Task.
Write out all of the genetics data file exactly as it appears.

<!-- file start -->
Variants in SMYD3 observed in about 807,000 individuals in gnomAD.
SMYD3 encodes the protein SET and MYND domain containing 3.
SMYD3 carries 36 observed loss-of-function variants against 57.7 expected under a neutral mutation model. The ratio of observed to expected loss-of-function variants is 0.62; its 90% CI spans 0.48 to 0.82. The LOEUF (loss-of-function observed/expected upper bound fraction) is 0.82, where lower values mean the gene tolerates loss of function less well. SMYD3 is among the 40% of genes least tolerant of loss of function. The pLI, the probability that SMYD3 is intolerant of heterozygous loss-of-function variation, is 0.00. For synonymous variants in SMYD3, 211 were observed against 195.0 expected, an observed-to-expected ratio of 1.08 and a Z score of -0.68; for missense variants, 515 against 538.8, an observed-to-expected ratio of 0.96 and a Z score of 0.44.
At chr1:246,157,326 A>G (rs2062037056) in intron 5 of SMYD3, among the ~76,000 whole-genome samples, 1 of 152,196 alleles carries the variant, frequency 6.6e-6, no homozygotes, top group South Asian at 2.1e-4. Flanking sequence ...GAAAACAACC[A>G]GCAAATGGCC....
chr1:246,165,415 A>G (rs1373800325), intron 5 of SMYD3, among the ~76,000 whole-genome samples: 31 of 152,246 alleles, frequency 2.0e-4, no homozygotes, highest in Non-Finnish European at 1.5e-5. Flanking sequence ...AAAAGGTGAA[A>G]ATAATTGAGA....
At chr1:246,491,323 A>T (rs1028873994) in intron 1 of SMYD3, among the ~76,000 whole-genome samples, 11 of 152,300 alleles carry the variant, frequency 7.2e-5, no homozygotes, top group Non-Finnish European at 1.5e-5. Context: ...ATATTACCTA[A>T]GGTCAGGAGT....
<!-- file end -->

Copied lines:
Variants in SMYD3 observed in about 807,000 individuals in gnomAD.
SMYD3 encodes the protein SET and MYND domain containing 3.
SMYD3 carries 36 observed loss-of-function variants against 57.7 expected under a neutral mutation model. The ratio of observed to expected loss-of-function variants is 0.62; its 90% CI spans 0.48 to 0.82. The LOEUF (loss-of-function observed/expected upper bound fraction) is 0.82, where lower values mean the gene tolerates loss of function less well. SMYD3 is among the 40% of genes least tolerant of loss of function. The pLI, the probability that SMYD3 is intolerant of heterozygous loss-of-function variation, is 0.00. For synonymous variants in SMYD3, 211 were observed against 195.0 expected, an observed-to-expected ratio of 1.08 and a Z score of -0.68; for missense variants, 515 against 538.8, an observed-to-expected ratio of 0.96 and a Z score of 0.44.
At chr1:246,157,326 A>G (rs2062037056) in intron 5 of SMYD3, among the ~76,000 whole-genome samples, 1 of 152,196 alleles carries the variant, frequency 6.6e-6, no homozygotes, top group South Asian at 2.1e-4. Flanking sequence ...GAAAACAACC[A>G]GCAAATGGCC....
chr1:246,165,415 A>G (rs1373800325), intron 5 of SMYD3, among the ~76,000 whole-genome samples: 31 of 152,246 alleles, frequency 2.0e-4, no homozygotes, highest in Non-Finnish European at 1.5e-5. Flanking sequence ...AAAAGGTGAA[A>G]ATAATTGAGA....
At chr1:246,491,323 A>T (rs1028873994) in intron 1 of SMYD3, among the ~76,000 whole-genome samples, 11 of 152,300 alleles carry the variant, frequency 7.2e-5, no homozygotes, top group Non-Finnish European at 1.5e-5. Context: ...ATATTACCTA[A>T]GGTCAGGAGT....